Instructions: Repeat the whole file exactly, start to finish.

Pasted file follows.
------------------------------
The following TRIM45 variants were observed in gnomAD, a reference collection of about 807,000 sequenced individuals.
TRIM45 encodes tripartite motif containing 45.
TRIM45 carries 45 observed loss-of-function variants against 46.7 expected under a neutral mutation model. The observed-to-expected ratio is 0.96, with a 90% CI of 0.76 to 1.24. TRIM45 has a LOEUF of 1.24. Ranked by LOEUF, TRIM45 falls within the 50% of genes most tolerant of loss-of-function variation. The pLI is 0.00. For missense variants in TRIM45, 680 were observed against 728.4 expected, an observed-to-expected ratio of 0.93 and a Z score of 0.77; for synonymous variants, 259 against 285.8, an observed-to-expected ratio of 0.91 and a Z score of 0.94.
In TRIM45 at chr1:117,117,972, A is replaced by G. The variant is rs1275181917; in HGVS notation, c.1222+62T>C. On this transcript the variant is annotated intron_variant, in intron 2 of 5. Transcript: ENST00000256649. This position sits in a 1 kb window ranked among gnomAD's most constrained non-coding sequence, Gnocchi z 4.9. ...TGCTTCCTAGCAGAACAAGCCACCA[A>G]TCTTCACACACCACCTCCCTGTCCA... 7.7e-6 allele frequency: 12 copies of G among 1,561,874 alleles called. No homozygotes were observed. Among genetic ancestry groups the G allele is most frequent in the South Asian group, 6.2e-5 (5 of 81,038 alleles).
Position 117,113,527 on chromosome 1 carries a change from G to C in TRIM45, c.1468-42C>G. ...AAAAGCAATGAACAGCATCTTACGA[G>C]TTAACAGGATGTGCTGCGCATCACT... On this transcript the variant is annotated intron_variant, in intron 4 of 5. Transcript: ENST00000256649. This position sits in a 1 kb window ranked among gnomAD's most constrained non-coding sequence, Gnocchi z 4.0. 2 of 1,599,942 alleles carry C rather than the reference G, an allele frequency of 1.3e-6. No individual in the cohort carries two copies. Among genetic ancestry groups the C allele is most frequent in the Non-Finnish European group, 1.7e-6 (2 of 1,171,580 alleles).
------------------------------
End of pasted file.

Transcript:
The following TRIM45 variants were observed in gnomAD, a reference collection of about 807,000 sequenced individuals.
TRIM45 encodes tripartite motif containing 45.
TRIM45 carries 45 observed loss-of-function variants against 46.7 expected under a neutral mutation model. The observed-to-expected ratio is 0.96, with a 90% CI of 0.76 to 1.24. TRIM45 has a LOEUF of 1.24. Ranked by LOEUF, TRIM45 falls within the 50% of genes most tolerant of loss-of-function variation. The pLI is 0.00. For missense variants in TRIM45, 680 were observed against 728.4 expected, an observed-to-expected ratio of 0.93 and a Z score of 0.77; for synonymous variants, 259 against 285.8, an observed-to-expected ratio of 0.91 and a Z score of 0.94.
In TRIM45 at chr1:117,117,972, A is replaced by G. The variant is rs1275181917; in HGVS notation, c.1222+62T>C. On this transcript the variant is annotated intron_variant, in intron 2 of 5. Transcript: ENST00000256649. This position sits in a 1 kb window ranked among gnomAD's most constrained non-coding sequence, Gnocchi z 4.9. ...TGCTTCCTAGCAGAACAAGCCACCA[A>G]TCTTCACACACCACCTCCCTGTCCA... 7.7e-6 allele frequency: 12 copies of G among 1,561,874 alleles called. No homozygotes were observed. Among genetic ancestry groups the G allele is most frequent in the South Asian group, 6.2e-5 (5 of 81,038 alleles).
Position 117,113,527 on chromosome 1 carries a change from G to C in TRIM45, c.1468-42C>G. ...AAAAGCAATGAACAGCATCTTACGA[G>C]TTAACAGGATGTGCTGCGCATCACT... On this transcript the variant is annotated intron_variant, in intron 4 of 5. Transcript: ENST00000256649. This position sits in a 1 kb window ranked among gnomAD's most constrained non-coding sequence, Gnocchi z 4.0. 2 of 1,599,942 alleles carry C rather than the reference G, an allele frequency of 1.3e-6. No individual in the cohort carries two copies. Among genetic ancestry groups the C allele is most frequent in the Non-Finnish European group, 1.7e-6 (2 of 1,171,580 alleles).